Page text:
Even if you believe Maxey would take it in stride and embrace it as a mission to best help the team, I can't help but wonder if that ruffles some feathers. It could inspire anger in his representation, from his family, from teammates, from whoever, and you don't need many doubters or detractors to plant the seeds for internal struggle. This is a team that has been fairly tight even through some tough periods. What does a move like this say to the younger players further down the bench? Is the work they're putting in worth the time and energy, or are you just fodder for replacement the moment any adversity hits? Perhaps that's a naive way to look at pro sports, where these guys are conditioned to fear losing their spot at all times. But it's not something you can ignore entirely.

The basketball side is what really matters, though, and it's why I ultimately fall on the side of leaving Maxey in the spot he has earned. What are you accomplishing by moving him out of the lineup, and what does that change about your team?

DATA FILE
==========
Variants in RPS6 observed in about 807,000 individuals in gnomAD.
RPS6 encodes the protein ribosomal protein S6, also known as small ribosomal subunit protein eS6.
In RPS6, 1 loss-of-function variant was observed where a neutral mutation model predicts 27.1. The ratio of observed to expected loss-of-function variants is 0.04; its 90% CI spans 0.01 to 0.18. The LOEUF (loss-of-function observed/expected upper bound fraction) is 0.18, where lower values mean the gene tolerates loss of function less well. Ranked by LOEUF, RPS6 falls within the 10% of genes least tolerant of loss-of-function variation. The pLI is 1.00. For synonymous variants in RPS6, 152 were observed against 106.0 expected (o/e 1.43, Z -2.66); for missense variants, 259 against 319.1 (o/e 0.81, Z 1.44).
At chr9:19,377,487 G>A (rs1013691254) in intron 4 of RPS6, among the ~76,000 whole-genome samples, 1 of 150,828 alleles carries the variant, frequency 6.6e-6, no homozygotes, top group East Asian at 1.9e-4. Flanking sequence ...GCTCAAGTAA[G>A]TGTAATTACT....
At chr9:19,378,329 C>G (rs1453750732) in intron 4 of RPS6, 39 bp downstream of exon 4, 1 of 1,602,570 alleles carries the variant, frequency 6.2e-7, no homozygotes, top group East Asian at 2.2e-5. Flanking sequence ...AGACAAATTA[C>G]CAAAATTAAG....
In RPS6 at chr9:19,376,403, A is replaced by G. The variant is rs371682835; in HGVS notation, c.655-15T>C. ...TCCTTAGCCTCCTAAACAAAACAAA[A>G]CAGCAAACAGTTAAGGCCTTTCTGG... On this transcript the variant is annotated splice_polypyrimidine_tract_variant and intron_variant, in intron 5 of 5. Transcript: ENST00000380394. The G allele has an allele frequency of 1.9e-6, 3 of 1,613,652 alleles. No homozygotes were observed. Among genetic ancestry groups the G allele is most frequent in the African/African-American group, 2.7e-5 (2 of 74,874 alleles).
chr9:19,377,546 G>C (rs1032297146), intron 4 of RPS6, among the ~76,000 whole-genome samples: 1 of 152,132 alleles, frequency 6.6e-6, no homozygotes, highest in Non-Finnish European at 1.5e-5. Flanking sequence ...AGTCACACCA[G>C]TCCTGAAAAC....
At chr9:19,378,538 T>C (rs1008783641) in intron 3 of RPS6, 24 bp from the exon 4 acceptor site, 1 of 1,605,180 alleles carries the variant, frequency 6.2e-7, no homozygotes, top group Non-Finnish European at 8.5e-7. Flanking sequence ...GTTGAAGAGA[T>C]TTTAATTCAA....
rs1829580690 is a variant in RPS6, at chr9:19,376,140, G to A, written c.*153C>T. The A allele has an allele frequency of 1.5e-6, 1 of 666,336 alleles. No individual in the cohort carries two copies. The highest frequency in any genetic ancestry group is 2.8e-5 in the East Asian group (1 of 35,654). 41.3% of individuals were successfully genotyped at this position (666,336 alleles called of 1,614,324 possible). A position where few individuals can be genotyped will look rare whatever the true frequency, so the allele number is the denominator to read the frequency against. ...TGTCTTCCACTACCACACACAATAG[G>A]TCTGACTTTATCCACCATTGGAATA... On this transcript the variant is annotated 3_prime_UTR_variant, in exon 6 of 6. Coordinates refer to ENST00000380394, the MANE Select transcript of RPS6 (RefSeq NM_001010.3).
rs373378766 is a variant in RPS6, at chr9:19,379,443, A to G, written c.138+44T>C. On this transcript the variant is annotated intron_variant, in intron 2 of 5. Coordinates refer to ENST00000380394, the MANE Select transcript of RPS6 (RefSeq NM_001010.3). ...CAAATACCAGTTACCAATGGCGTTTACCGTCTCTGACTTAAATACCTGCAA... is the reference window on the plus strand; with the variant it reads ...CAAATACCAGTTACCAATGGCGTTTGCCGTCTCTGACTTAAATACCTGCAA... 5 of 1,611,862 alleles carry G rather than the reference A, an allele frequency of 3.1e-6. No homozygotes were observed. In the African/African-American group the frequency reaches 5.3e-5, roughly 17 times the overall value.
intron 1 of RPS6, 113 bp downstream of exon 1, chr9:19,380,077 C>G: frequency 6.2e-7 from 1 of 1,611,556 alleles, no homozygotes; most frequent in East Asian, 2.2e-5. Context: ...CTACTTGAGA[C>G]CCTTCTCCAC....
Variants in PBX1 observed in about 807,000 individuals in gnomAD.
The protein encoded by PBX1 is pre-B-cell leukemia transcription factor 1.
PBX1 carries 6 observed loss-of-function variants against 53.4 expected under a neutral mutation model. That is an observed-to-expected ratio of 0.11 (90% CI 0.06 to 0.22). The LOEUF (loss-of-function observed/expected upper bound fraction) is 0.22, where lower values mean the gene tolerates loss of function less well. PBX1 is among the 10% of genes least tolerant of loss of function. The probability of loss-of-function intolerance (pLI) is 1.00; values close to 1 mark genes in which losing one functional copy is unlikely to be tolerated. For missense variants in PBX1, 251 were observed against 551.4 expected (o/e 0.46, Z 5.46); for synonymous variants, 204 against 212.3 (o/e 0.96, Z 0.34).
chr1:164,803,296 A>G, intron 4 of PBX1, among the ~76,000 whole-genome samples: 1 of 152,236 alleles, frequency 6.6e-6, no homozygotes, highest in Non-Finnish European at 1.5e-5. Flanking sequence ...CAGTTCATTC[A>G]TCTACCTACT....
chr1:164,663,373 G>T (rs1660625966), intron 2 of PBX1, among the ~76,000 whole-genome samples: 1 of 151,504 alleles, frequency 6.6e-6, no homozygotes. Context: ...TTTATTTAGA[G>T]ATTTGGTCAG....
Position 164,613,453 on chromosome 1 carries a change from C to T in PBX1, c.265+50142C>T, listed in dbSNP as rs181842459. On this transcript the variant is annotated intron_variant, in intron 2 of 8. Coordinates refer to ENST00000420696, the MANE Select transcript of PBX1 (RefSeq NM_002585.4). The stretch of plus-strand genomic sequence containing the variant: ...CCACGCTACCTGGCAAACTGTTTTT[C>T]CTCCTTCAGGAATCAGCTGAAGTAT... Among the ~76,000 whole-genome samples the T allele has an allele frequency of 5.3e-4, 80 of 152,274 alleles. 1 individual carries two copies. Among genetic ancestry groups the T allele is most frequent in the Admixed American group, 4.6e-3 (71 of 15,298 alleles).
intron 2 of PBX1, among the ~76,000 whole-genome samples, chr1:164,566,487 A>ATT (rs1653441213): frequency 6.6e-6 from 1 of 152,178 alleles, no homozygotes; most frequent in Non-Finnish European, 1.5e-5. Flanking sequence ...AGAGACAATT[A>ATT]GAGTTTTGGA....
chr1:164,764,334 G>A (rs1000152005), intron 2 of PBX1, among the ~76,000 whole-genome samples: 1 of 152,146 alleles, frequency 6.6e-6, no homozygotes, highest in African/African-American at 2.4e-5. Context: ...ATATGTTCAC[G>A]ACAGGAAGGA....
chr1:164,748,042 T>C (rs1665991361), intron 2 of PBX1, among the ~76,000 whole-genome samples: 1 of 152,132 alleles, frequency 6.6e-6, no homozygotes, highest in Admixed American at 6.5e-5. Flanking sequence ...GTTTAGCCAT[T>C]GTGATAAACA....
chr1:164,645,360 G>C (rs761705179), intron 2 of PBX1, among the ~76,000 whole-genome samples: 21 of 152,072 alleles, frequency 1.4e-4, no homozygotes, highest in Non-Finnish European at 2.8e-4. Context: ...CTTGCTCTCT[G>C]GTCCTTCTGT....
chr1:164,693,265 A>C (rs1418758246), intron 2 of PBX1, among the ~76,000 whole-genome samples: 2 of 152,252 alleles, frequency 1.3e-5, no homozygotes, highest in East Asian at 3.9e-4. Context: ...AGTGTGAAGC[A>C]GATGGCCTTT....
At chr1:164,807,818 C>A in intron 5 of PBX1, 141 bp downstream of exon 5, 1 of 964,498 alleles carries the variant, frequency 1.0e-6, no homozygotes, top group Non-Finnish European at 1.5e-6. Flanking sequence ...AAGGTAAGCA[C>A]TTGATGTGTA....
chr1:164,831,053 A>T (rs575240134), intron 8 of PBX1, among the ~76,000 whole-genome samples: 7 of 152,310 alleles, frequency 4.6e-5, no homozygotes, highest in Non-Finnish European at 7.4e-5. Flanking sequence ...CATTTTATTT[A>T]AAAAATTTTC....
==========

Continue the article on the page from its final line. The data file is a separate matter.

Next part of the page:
We don't need to pretend that a good net rating during a stretch featuring lots of bad and undermanned teams is proof of the need to start Melton in Maxey's place. The gulf between the two players as defenders is significant, but we shouldn't ignore the differences between them on the other end. Maxey is more efficient on just about every front while far outpacing Melton on volume, and he is a more comfortable operator next to either Embiid or Harden, toggling quickly between an off-ball shooter and an on-ball attacker. Most things Melton can do within the starting group, Maxey is simply better at on offense, from floor spacing to slot driving to running pick-and-rolls with the big man. 

If anything, Maxey has been at his best for Philadelphia serving as a running mate next to their stars, the young guard faltering when he is asked to do too much for backup-filled lineups. Lineups with Maxey on the floor and both of Embiid/Harden on the bench, the Sixers have been outscored by almost nine points per 100 possessions, good for roughly 11th percentile in the league. Over a much larger sample last season, those groups didn't perform much better, the Sixers losing the minutes by 3.8 points per 100 possessions.